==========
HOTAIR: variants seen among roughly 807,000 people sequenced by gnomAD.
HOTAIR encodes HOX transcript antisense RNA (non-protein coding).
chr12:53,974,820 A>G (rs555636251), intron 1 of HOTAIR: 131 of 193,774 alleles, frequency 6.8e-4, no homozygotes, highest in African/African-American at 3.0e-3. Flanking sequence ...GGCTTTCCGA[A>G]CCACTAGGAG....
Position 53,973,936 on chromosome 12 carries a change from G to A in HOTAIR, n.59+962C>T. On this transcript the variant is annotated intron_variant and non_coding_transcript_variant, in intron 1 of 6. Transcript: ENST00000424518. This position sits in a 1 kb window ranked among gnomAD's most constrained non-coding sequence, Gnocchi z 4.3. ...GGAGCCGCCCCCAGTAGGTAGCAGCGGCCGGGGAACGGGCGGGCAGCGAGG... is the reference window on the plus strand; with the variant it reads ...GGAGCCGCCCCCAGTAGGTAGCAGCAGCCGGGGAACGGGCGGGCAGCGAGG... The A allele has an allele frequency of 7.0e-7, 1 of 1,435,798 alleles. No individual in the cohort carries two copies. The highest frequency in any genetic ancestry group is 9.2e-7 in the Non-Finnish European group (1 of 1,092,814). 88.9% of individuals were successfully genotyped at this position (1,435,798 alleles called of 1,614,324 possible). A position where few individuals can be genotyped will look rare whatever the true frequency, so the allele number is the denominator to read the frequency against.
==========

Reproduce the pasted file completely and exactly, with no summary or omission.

HOTAIR: variants seen among roughly 807,000 people sequenced by gnomAD.
HOTAIR encodes HOX transcript antisense RNA (non-protein coding).
chr12:53,974,820 A>G (rs555636251), intron 1 of HOTAIR: 131 of 193,774 alleles, frequency 6.8e-4, no homozygotes, highest in African/African-American at 3.0e-3. Flanking sequence ...GGCTTTCCGA[A>G]CCACTAGGAG....
Position 53,973,936 on chromosome 12 carries a change from G to A in HOTAIR, n.59+962C>T. On this transcript the variant is annotated intron_variant and non_coding_transcript_variant, in intron 1 of 6. Transcript: ENST00000424518. This position sits in a 1 kb window ranked among gnomAD's most constrained non-coding sequence, Gnocchi z 4.3. ...GGAGCCGCCCCCAGTAGGTAGCAGCGGCCGGGGAACGGGCGGGCAGCGAGG... is the reference window on the plus strand; with the variant it reads ...GGAGCCGCCCCCAGTAGGTAGCAGCAGCCGGGGAACGGGCGGGCAGCGAGG... The A allele has an allele frequency of 7.0e-7, 1 of 1,435,798 alleles. No individual in the cohort carries two copies. The highest frequency in any genetic ancestry group is 9.2e-7 in the Non-Finnish European group (1 of 1,092,814). 88.9% of individuals were successfully genotyped at this position (1,435,798 alleles called of 1,614,324 possible). A position where few individuals can be genotyped will look rare whatever the true frequency, so the allele number is the denominator to read the frequency against.